Class Notes: Cool Bits

-February 27th, 2013

In last week’s Class Notes I gave you some general reasons for why Degrees of Horror will be worth checking out: it’s relatable, heroic, challenging, and scary. This week (and maybe for the next few) I want to get more specific. This week I’m covering some of the things we’ve done to make an entire game set in college something you’ll love.

I can understand reservations over roleplaying college life. Tests, essays, research projects, all-nighters… Woo. Hoo. Reliving those moments sounds like a special kind of punishment, right? But let’s turn that on its head. What about parties, day trips, dating, or hanging out with friends? Degrees of Horror is like a musical montage of college. It skims over most of the yucky parts and emphasizes the cool stuff. For instance, more than one Savage Tale begins like this, “You’re sitting in class when” …something really unexpected and slightly awesome (or disturbing) happens. In fact, it’s like all those times you daydreamed in class about something cool happening. Degrees of Horror is it!

Setting adventures on campus is just the start. Or maybe the ending. However you want to look at it is fine by me. Let’s just say that before the adventures begin, we set the stage during character creation. Ed and I wrote a number of hindrances that make for great roleplaying. How about an Overprotective Parent, Party Animal, ADHD, or Annoying Roommate? Edges are cool and sexy (and we’ve got plenty of those) but hindrances give your character…character. They also provoke memorable roleplay opportunities. Imagine sneaking up to a darkened campus building on a moonless night, only to hear “Hey guys, whatcha’ doing?” behind you from your clueless, tag-along roommate.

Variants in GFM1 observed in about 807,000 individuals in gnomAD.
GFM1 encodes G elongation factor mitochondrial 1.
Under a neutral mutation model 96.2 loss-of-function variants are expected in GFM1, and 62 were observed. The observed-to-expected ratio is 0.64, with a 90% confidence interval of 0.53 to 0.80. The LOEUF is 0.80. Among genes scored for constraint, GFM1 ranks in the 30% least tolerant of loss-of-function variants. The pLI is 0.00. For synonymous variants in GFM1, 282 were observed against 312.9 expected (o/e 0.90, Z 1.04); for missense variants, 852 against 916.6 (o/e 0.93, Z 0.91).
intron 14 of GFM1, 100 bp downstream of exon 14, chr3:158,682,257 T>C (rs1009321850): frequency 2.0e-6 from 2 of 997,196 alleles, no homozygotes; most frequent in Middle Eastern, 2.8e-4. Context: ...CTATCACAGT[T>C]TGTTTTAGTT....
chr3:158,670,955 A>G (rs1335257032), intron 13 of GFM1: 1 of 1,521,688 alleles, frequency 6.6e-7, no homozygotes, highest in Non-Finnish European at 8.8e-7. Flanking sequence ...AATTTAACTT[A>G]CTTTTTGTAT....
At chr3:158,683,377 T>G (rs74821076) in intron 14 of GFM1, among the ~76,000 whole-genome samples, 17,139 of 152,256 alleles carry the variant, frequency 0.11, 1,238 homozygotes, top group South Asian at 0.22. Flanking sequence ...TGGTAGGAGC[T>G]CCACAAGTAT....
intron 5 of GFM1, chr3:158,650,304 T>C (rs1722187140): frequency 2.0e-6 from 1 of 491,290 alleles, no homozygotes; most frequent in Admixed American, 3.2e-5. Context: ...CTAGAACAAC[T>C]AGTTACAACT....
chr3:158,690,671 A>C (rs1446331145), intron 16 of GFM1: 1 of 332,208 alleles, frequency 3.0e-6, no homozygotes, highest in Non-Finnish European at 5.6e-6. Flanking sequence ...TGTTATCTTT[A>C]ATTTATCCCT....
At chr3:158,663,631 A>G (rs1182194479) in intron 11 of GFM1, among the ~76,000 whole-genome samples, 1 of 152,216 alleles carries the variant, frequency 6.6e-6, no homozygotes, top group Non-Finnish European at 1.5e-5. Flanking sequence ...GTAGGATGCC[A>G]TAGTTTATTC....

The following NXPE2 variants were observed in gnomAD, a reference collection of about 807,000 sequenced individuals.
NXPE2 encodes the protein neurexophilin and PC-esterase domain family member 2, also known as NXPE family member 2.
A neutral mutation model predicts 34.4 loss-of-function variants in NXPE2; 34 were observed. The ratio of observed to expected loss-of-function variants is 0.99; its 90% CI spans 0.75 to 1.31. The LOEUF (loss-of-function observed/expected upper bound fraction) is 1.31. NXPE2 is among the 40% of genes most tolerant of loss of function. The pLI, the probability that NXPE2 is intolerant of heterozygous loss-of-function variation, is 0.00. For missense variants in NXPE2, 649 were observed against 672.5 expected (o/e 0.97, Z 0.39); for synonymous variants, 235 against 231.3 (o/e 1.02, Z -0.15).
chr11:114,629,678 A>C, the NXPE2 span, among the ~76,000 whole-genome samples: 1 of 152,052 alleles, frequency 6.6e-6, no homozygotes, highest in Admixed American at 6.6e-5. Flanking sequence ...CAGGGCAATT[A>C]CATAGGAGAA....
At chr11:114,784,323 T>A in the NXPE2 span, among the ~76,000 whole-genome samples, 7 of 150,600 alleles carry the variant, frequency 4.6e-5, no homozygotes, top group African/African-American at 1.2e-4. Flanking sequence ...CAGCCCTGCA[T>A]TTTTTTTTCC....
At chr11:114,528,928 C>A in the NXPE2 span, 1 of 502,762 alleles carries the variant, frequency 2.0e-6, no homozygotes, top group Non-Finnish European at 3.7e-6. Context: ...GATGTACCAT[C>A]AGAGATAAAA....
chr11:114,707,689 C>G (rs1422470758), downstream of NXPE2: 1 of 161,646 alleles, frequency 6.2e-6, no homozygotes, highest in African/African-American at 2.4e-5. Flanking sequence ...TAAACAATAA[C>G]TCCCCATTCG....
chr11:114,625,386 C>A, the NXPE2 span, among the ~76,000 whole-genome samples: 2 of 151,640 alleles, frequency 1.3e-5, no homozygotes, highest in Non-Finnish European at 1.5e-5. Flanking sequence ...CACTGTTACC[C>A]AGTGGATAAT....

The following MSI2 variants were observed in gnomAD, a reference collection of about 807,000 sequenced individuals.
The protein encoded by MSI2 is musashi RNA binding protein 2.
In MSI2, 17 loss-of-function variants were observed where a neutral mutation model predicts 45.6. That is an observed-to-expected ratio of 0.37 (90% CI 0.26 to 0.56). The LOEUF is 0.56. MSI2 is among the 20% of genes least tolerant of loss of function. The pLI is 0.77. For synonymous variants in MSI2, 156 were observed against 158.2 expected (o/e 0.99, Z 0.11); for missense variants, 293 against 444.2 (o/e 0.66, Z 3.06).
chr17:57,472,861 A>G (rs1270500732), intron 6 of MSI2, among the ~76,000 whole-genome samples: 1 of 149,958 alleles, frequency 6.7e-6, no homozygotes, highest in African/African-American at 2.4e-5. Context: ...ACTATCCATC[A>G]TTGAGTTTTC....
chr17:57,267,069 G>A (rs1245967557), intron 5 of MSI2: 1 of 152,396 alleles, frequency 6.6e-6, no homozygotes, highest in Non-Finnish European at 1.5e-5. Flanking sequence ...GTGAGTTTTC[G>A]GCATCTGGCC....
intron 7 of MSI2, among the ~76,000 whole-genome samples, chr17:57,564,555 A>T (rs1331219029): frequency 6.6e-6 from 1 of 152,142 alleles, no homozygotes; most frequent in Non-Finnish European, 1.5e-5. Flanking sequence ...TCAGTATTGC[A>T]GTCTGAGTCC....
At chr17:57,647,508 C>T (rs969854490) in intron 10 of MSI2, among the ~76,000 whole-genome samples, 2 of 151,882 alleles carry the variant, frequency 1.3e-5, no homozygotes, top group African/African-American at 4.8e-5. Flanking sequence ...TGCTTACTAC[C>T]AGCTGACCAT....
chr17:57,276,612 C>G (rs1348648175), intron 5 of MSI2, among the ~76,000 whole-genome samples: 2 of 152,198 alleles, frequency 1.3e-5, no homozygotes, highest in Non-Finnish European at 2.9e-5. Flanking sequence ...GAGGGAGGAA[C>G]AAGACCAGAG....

We also wrote a flexible system for extracurricular activities. Join a student organization or athletic team, take a part time job, pledge with a fraternity or sorority, or more. It’s easy, flexible, and makes a small mechanical effect in the game. Activities provide extra adventure fodder for the GM and roleplay opportunities for players.

Speaking of mechanical effects, remember what I said earlier about skipping the yucky stuff? Welllllllll… I may have stretched the truth. What’s college without tests? Periodically you’ll take a Final Exam using a free Knowledge skill that you can further bump like any other skill. You’ll also get opportunities to earn bonuses (and detriments) to apply to that roll throughout the semester. Passing exams means you reach the next rank. Failure slows your progress until you can take another exam. It may seem like an unnecessary stumbling block but to quote from one of our sidebars, “Part of the campaign’s fun is that sometimes you’ll have to choose between studying for that hard exam and tracking down the intelligent insects mind-controlling the Entomology department.” Making that choice is roleplay gold.

Finally, there’s money. The “poor student” trope exists for a reason. In Degrees of Horror, we’ve assumed you’ve already paid for tuition, housing, and an on-campus meal plan. What’s left over is your “semester allowance” which you’ll have to spend wisely. It hand-waves most of the tedious bookkeeping while still making money matter. For instance, you might have to choose between buying a silver bullet or taking your date somewhere that doesn’t have a drive-thru.

All these small friction points–over things like money, tests, or personal hindrances– create  moments from which great roleplay can arise. They also build on one another to create a sense of student life while still letting the adventures stand front and center. That’s cool.

I hope you’ve enjoyed getting a glimpse at some of our “cool bits” for bringing a campus setting to life. Tune in next week, when I’ll turn to the supernatural!

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